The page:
In Colorado, we even have an "Innovation Schools Act." To do what you ask? Well, to reduce the bureaucracy we previously created. The law allows schools and school districts to operate differently.

Teachers are expected to be innovators. They should be able to innovatively differentiate instruction for the varied needs of their students, based on data. In fact, it could be said that teachers who cannot innovate are...old. Their practices are stale and unappealing. After all, who wouldn't want a teacher to be an innovator? School is supposed to be fresh and exciting for students every day. The teachers who are innovators do this with the glitzy use of technology and "authentic" or "real world" content.

School district Board's of Education and administrators should also be innovators. Never mind that the people previously fulfilling these roles for the district are probably the individuals who ceded their innovation in previous years when they bought into a collective bargaining agreement or created a new district policy (probably in response to a single event that happened).

And of course policy makers such as the State Board of Education and lawmakers are expected to be innovators. Everyone expects the avant-garde of education to rest with policy makers. Surely every new idea, regardless of its effectiveness over time, is innovative. But the label is only effective with the most recent idea, not the previous ideas. Otherwise, it wouldn't be "innovative."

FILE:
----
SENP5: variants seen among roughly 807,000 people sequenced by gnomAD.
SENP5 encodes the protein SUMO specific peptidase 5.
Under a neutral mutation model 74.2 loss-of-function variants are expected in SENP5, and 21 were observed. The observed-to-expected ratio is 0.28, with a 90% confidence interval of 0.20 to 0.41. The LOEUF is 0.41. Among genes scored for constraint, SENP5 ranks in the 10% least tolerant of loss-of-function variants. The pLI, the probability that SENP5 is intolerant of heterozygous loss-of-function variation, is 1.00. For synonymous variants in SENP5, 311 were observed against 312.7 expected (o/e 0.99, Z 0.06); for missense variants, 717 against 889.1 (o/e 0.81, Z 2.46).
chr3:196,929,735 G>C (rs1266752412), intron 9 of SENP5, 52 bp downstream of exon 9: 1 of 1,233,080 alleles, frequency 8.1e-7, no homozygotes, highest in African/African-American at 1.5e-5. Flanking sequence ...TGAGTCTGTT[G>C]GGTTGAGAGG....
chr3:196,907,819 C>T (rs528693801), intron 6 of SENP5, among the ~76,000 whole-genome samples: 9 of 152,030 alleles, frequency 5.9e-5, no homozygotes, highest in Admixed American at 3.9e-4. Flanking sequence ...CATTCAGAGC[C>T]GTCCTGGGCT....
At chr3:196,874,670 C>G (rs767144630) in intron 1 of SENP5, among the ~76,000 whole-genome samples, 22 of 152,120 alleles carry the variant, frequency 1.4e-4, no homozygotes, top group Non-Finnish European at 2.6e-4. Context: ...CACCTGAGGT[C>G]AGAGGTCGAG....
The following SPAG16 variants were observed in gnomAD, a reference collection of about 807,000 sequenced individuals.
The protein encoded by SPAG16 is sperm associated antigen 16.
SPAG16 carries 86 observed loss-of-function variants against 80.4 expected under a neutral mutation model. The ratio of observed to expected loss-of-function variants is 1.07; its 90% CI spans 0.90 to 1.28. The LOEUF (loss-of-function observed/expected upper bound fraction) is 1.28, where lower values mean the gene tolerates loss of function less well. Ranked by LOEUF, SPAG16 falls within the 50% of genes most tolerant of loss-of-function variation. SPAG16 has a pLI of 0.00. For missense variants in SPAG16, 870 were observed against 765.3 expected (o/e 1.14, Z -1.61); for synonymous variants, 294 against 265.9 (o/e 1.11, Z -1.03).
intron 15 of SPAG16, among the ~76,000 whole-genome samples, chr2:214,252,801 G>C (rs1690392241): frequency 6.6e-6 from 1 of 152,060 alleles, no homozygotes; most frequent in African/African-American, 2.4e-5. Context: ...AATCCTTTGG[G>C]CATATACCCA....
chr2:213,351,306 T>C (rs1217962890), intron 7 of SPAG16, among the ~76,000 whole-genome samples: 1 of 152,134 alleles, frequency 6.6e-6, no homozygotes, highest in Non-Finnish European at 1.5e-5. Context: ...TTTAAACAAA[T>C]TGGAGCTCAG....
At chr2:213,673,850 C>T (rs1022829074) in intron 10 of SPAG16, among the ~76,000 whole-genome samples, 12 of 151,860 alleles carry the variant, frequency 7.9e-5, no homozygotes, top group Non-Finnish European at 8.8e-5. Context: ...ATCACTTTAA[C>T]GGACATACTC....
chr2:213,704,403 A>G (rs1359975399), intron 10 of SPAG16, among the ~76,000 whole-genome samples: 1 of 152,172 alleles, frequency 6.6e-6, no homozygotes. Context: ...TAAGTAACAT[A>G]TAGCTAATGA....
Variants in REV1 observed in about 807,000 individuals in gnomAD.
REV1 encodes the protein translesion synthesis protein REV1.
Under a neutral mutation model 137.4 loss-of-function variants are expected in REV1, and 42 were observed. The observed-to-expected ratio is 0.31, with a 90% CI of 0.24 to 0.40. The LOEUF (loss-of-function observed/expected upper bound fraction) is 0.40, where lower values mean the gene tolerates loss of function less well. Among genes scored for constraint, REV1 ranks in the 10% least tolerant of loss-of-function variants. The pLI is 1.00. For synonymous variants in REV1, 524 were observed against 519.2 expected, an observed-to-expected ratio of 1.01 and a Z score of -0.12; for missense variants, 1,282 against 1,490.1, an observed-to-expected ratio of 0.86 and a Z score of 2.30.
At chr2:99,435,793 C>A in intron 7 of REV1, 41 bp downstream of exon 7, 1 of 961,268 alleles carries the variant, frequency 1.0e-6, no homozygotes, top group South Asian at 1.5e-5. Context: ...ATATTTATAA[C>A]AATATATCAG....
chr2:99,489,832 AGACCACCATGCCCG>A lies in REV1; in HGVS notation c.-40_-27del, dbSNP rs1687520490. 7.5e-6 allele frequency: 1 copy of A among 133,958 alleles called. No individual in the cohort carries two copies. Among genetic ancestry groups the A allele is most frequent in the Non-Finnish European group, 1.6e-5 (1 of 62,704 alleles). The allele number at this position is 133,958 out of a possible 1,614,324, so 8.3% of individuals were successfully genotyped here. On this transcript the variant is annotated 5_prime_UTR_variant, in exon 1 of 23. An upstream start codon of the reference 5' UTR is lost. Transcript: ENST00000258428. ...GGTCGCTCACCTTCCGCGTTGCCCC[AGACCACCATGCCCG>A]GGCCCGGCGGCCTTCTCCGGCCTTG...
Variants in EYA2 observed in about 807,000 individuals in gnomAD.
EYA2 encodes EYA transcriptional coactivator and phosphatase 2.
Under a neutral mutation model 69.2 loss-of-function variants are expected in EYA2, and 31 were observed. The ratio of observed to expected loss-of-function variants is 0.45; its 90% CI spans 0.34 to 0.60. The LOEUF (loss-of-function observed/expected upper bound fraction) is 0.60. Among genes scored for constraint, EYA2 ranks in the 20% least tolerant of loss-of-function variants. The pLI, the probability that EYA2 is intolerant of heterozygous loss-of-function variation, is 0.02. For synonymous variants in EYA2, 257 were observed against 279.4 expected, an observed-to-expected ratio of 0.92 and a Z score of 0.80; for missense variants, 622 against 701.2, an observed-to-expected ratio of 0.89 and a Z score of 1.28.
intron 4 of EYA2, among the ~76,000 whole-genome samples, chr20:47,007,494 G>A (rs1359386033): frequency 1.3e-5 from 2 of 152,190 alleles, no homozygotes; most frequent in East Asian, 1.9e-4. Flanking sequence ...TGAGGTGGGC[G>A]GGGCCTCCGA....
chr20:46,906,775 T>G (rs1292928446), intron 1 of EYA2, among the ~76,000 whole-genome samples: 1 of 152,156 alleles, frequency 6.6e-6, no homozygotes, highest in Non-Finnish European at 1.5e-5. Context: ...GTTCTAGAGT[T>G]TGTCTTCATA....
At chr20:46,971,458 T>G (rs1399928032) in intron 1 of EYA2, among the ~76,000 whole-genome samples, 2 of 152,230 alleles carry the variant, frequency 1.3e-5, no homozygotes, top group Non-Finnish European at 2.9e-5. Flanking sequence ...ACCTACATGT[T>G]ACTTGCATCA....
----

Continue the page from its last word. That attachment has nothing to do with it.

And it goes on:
Being innovative is more than simply tossing around the latest (over-used) word. Moreover, true innovation is often very hard to replicate because it's more complicated than simply instituting a prescriptive formula. It's often the unsung heroes who are the true innovators. But then you don't hear much about the people who put in hundreds of volunteer hours every year going above and beyond their job description because students needed extra help or the administrators who make themselves available to their staff during the day so that instruction is optimal in every classroom and then stays up late each night completing mundane administrative tasks. Many of these individuals wouldn't even call themselves "innovators." They say they were only doing what was right. That is, what was right for the students in their care.